Exception handling in Async methods

Scenario 1: Take the following method for example:

public async void AsyncTaskWithAPossibleException()
{     
    //code that generates exception
}
public void MethodCallingAsyncTaskMethod()
{
    try
    {
        //Exceptions thrown by the AsyncTaskWithAPossibleException cannot be caught 
        //using the try catch block. It might crash the running process in most 
        //scenarios. 
        AsyncTaskWithAPossibleException();
    }
    catch (Exception)
    {
        // exception won't be caught
    }
}

Scenario 2.a: We can change the code in Scenario 1 to move the exception handling inside the AsyncTaskWithAPossibleException method.

public async void AsyncTaskWithAPossibleException()
{
    try
    {
        //code that generates exception
    }
    catch(Exception)
    {
        // Handle exception
    }
}
public void MethodCallingAsyncTaskMethod()
{
    AsyncTaskWithAPossibleException();
}

Scenario 2.b.: : Instead of handling the exception in the AsyncTaskWithAPossibleException method, we can also change the return type from void to Task(For a Async method, it is recommended to return a Task instead of a void).
Exception raised in the AsyncTaskWithAPossibleException method will be saved in the returning Task instance. When we await the AsyncTaskWithAPossibleException method, the exception saved in the Task will get rethrown with its stack trace preserved.

public async Task AsyncTaskWithAPossibleException()
{
    //code that generates exception
}
public async Task MethodCallingAsyncTaskMethod()
{
    try
    {
        await AsyncTaskWithAPossibleException();
    }
    catch (Exception)
    {
        // exception is caught with stack trace preserved
    }
}

Scenario 3: If for some reason we don’t await the Task, we can define a continuation when the Task ends with the faulted state.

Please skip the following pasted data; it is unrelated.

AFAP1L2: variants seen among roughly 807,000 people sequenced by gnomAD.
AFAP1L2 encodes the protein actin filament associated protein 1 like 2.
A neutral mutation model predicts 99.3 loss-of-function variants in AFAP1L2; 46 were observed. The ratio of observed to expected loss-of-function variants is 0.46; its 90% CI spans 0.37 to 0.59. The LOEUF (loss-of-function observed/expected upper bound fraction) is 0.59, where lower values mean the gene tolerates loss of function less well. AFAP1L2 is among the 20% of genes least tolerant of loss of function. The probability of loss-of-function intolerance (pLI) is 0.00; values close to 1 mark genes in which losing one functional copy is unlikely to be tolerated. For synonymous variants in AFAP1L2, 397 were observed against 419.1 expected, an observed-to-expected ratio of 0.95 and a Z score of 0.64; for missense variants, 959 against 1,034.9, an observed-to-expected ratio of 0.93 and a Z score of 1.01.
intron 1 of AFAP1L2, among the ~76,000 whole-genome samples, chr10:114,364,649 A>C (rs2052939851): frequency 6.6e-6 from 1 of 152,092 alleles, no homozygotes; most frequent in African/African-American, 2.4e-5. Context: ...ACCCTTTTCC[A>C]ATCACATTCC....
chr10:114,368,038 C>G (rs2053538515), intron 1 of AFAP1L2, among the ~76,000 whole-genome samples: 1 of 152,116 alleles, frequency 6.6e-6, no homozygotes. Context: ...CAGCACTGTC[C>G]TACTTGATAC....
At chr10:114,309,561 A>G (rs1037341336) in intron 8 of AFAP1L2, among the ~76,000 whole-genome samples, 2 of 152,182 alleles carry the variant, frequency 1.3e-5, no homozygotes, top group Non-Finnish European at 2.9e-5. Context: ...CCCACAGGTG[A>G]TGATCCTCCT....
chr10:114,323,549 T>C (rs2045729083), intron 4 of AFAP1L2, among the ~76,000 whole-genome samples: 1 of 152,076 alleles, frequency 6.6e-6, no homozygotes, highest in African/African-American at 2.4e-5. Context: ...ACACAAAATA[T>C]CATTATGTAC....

public async Task AsyncTaskWithAPossibleException()
{
    //code that generates exception
}
public void MethodCallingAsyncTaskMethod()
{
    var task = AsyncTaskWithAPossibleException();
    task.ContinueWith(t =>
    {
        //  handle t.Exception
    }, TaskContinuationOptions.OnlyOnFaulted);
}

Scenario 4: If for some reason we don’t await the Task and we do not define a continuation when the Task ends with the faulted state, the exception saved inside the instance will be raised eventually when the GC collects the object. You can catch that silent exception using the TaskScheduler event UnobservedTaskException.

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C# Tuple

Tuple.
The Tuple is a typed, immutable, generic construct. It has many items, each item can have any type(even complex items like array inside it). The Tuple type is a class. Once we create the Tuple, we cannot change the values of its fields.
Tuple is generally used as a short-term container.

using System;
class Program
{
    static void Main()
    {
        Tuple<int, string, bool> tuple =new Tuple<int, string, bool>(1, "cat", true);
        Console.WriteLine(tuple.Item1);
        Console.WriteLine(tuple.Item2);
        Console.WriteLine(tuple.Item3);
    }
}

Output
1
cat
True

The Tuple.Create method returns a reference to a tuple. eg: var tuple = Tuple.Create(“cat”, 2, true);

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C# Func and Action types

The Func type provides a way to store anonymous methods. For the Func type, the first type parameters are the arguments to the methods, and the final type parameter is the return value.

Example.

using System;
using System.Collections.Generic;
using System.IO;
using System.Text;
using System.Xml.Serialization;
using Microsoft.VisualStudio.TestTools.UnitTesting;
[TestClass]